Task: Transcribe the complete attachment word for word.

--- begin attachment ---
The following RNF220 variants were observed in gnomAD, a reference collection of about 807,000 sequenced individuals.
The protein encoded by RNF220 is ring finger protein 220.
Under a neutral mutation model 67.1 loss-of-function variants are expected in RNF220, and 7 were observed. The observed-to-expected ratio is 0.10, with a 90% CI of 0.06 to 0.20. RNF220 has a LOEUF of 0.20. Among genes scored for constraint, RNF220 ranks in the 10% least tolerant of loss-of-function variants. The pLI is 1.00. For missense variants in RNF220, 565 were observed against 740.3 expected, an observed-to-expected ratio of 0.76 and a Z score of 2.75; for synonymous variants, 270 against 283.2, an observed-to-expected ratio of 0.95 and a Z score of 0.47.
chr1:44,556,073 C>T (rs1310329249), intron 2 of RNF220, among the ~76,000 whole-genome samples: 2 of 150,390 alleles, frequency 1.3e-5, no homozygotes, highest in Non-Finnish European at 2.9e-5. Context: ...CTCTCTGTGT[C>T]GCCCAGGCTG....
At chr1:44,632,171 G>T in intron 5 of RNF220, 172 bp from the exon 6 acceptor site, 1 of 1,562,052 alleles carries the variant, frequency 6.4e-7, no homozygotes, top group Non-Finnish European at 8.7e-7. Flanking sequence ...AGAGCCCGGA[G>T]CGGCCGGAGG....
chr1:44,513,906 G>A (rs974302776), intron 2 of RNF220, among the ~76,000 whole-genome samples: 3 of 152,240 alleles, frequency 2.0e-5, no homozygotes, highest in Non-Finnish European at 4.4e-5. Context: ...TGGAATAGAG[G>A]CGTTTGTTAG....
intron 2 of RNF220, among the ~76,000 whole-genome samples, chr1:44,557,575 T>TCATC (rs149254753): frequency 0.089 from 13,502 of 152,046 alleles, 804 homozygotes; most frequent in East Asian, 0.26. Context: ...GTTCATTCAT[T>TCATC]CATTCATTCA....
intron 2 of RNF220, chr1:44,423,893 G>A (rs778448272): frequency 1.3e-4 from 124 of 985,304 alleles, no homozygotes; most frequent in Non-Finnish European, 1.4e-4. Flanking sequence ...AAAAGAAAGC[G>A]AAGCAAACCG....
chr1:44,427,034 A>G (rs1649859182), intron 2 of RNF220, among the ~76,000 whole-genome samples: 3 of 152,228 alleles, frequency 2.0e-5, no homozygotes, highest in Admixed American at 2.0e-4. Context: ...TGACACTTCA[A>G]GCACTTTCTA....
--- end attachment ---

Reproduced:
The following RNF220 variants were observed in gnomAD, a reference collection of about 807,000 sequenced individuals.
The protein encoded by RNF220 is ring finger protein 220.
Under a neutral mutation model 67.1 loss-of-function variants are expected in RNF220, and 7 were observed. The observed-to-expected ratio is 0.10, with a 90% CI of 0.06 to 0.20. RNF220 has a LOEUF of 0.20. Among genes scored for constraint, RNF220 ranks in the 10% least tolerant of loss-of-function variants. The pLI is 1.00. For missense variants in RNF220, 565 were observed against 740.3 expected, an observed-to-expected ratio of 0.76 and a Z score of 2.75; for synonymous variants, 270 against 283.2, an observed-to-expected ratio of 0.95 and a Z score of 0.47.
chr1:44,556,073 C>T (rs1310329249), intron 2 of RNF220, among the ~76,000 whole-genome samples: 2 of 150,390 alleles, frequency 1.3e-5, no homozygotes, highest in Non-Finnish European at 2.9e-5. Context: ...CTCTCTGTGT[C>T]GCCCAGGCTG....
At chr1:44,632,171 G>T in intron 5 of RNF220, 172 bp from the exon 6 acceptor site, 1 of 1,562,052 alleles carries the variant, frequency 6.4e-7, no homozygotes, top group Non-Finnish European at 8.7e-7. Flanking sequence ...AGAGCCCGGA[G>T]CGGCCGGAGG....
chr1:44,513,906 G>A (rs974302776), intron 2 of RNF220, among the ~76,000 whole-genome samples: 3 of 152,240 alleles, frequency 2.0e-5, no homozygotes, highest in Non-Finnish European at 4.4e-5. Context: ...TGGAATAGAG[G>A]CGTTTGTTAG....
intron 2 of RNF220, among the ~76,000 whole-genome samples, chr1:44,557,575 T>TCATC (rs149254753): frequency 0.089 from 13,502 of 152,046 alleles, 804 homozygotes; most frequent in East Asian, 0.26. Context: ...GTTCATTCAT[T>TCATC]CATTCATTCA....
intron 2 of RNF220, chr1:44,423,893 G>A (rs778448272): frequency 1.3e-4 from 124 of 985,304 alleles, no homozygotes; most frequent in Non-Finnish European, 1.4e-4. Flanking sequence ...AAAAGAAAGC[G>A]AAGCAAACCG....
chr1:44,427,034 A>G (rs1649859182), intron 2 of RNF220, among the ~76,000 whole-genome samples: 3 of 152,228 alleles, frequency 2.0e-5, no homozygotes, highest in Admixed American at 2.0e-4. Context: ...TGACACTTCA[A>G]GCACTTTCTA....